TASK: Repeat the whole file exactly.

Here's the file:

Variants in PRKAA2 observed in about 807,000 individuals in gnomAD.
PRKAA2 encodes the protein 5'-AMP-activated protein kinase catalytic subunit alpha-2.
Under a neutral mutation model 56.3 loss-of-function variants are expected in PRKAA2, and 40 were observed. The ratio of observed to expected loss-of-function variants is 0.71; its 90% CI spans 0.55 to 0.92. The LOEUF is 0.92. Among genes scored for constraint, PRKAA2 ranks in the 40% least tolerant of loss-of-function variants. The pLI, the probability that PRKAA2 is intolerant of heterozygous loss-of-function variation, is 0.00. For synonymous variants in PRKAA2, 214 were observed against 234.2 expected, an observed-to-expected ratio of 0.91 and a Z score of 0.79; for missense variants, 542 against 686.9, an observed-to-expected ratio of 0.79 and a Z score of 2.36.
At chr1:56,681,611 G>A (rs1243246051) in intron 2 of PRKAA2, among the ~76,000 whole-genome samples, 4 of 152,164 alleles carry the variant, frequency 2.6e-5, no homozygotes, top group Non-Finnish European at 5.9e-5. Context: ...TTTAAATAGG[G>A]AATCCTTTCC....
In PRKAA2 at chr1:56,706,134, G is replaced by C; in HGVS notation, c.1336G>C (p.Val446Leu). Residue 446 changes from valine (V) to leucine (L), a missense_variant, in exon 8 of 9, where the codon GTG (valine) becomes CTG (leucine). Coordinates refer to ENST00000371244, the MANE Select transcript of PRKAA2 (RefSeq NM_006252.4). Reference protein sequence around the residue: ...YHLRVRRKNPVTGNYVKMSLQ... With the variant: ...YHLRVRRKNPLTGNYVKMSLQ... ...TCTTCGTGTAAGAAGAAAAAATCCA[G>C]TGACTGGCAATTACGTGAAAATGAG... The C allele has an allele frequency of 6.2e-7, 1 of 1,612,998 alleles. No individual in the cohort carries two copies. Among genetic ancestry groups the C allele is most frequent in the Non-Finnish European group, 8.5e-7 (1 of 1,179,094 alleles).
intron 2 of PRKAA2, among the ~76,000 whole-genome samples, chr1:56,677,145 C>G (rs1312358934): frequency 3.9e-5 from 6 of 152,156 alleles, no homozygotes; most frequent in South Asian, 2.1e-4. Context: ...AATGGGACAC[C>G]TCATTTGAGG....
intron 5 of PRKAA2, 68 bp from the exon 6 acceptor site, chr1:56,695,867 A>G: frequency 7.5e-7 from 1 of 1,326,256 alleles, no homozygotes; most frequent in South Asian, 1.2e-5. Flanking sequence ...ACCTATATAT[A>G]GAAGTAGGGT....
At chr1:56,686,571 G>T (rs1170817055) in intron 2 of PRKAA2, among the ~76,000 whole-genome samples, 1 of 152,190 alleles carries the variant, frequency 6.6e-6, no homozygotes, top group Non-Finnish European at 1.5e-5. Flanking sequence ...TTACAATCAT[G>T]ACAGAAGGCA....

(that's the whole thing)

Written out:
Variants in PRKAA2 observed in about 807,000 individuals in gnomAD.
PRKAA2 encodes the protein 5'-AMP-activated protein kinase catalytic subunit alpha-2.
Under a neutral mutation model 56.3 loss-of-function variants are expected in PRKAA2, and 40 were observed. The ratio of observed to expected loss-of-function variants is 0.71; its 90% CI spans 0.55 to 0.92. The LOEUF is 0.92. Among genes scored for constraint, PRKAA2 ranks in the 40% least tolerant of loss-of-function variants. The pLI, the probability that PRKAA2 is intolerant of heterozygous loss-of-function variation, is 0.00. For synonymous variants in PRKAA2, 214 were observed against 234.2 expected, an observed-to-expected ratio of 0.91 and a Z score of 0.79; for missense variants, 542 against 686.9, an observed-to-expected ratio of 0.79 and a Z score of 2.36.
At chr1:56,681,611 G>A (rs1243246051) in intron 2 of PRKAA2, among the ~76,000 whole-genome samples, 4 of 152,164 alleles carry the variant, frequency 2.6e-5, no homozygotes, top group Non-Finnish European at 5.9e-5. Context: ...TTTAAATAGG[G>A]AATCCTTTCC....
In PRKAA2 at chr1:56,706,134, G is replaced by C; in HGVS notation, c.1336G>C (p.Val446Leu). Residue 446 changes from valine (V) to leucine (L), a missense_variant, in exon 8 of 9, where the codon GTG (valine) becomes CTG (leucine). Coordinates refer to ENST00000371244, the MANE Select transcript of PRKAA2 (RefSeq NM_006252.4). Reference protein sequence around the residue: ...YHLRVRRKNPVTGNYVKMSLQ... With the variant: ...YHLRVRRKNPLTGNYVKMSLQ... ...TCTTCGTGTAAGAAGAAAAAATCCA[G>C]TGACTGGCAATTACGTGAAAATGAG... The C allele has an allele frequency of 6.2e-7, 1 of 1,612,998 alleles. No individual in the cohort carries two copies. Among genetic ancestry groups the C allele is most frequent in the Non-Finnish European group, 8.5e-7 (1 of 1,179,094 alleles).
intron 2 of PRKAA2, among the ~76,000 whole-genome samples, chr1:56,677,145 C>G (rs1312358934): frequency 3.9e-5 from 6 of 152,156 alleles, no homozygotes; most frequent in South Asian, 2.1e-4. Context: ...AATGGGACAC[C>G]TCATTTGAGG....
intron 5 of PRKAA2, 68 bp from the exon 6 acceptor site, chr1:56,695,867 A>G: frequency 7.5e-7 from 1 of 1,326,256 alleles, no homozygotes; most frequent in South Asian, 1.2e-5. Flanking sequence ...ACCTATATAT[A>G]GAAGTAGGGT....
At chr1:56,686,571 G>T (rs1170817055) in intron 2 of PRKAA2, among the ~76,000 whole-genome samples, 1 of 152,190 alleles carries the variant, frequency 6.6e-6, no homozygotes, top group Non-Finnish European at 1.5e-5. Flanking sequence ...TTACAATCAT[G>T]ACAGAAGGCA....